SEOUL -- Kia Motors Corp., South Korea's second-biggest automaker, said on Friday its quarterly earnings tumbled more than a quarter, hit by a stronger won currency and higher steel costs.
Kia, which controls 23 percent of the home market, has been badly hit by its exposure to Europe, where a crumbling euro has been eating into export sales. Kia ships up to 60 percent of its exports to Europe.
But its recent launch of a new Grand Carnival minivan as well as stable steel prices and the won have brightened Kia's second half outlook, analysts said.
Kia, an affiliate of top carmaker Hyundai Motor Co., earned a net profit of 148.3 billion won ($144.3 million) in the second quarter ended June 30, compared with a revised profit of 203.3 billion won a year ago and 193 billion in the first quarter.
It topped a consensus forecast of 107.7 billion won net profit. Operating profit tumbled 81 percent to 25 billion won from a profit of 132.3 billion won a year ago.
The won gained 15.3 percent versus the dollar in the year through the second quarter, although has eased around 3.4 percent from a March high. The euro lost 8.5 percent versus the won in the first half.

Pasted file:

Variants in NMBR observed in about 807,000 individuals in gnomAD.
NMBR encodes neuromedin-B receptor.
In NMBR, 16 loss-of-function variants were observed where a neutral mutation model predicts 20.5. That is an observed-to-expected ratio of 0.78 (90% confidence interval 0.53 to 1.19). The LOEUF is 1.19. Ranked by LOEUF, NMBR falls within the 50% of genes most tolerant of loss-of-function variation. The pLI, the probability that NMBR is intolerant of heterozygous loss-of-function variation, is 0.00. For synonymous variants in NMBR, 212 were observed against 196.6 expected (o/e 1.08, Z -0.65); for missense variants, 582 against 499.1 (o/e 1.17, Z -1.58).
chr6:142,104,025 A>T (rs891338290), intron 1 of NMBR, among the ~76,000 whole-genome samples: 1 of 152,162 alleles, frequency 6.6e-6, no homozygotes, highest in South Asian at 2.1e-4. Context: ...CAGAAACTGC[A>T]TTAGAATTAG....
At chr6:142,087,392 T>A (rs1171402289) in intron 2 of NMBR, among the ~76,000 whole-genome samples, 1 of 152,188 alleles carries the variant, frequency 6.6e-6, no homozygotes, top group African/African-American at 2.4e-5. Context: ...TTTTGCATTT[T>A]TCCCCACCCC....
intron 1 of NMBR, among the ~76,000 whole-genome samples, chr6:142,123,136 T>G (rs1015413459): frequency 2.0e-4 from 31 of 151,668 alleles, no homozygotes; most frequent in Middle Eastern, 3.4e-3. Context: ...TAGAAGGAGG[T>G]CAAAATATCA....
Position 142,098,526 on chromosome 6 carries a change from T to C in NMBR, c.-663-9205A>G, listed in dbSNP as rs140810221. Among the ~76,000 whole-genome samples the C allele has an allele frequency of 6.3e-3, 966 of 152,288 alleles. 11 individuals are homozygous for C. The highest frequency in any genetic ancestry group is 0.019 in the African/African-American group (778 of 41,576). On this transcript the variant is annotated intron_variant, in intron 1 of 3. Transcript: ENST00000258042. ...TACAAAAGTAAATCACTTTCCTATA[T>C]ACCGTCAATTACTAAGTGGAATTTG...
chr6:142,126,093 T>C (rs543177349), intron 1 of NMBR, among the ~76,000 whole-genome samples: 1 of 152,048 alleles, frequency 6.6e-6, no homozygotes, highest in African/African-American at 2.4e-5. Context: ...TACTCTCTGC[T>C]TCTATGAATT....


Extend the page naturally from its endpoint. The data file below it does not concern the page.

Kia's results came a day after Hyundai Motor reported a surprise rise in quarterly net profit, boosted by fewer bad loans and warranty liabilities. But Kia's bigger affiliate also saw a 36 percent fall in operating profit, hit by a firmer won eating into export sales.
Hyundai is aiming to become the world's top six auto maker by 2010 along with Kia Motors.
In Japan, Honda Motor Co. also recently posted a stronger-than-expected 6.5 percent rise in quarterly operating profit and lifted its full-year forecast on solid local and U.S. sales.
Asian carmakers are expanding sales to the United States, where giants General Motors and Ford Motor Co. last week reported a drop in earnings as their auto operations lost money on margin-eroding incentives.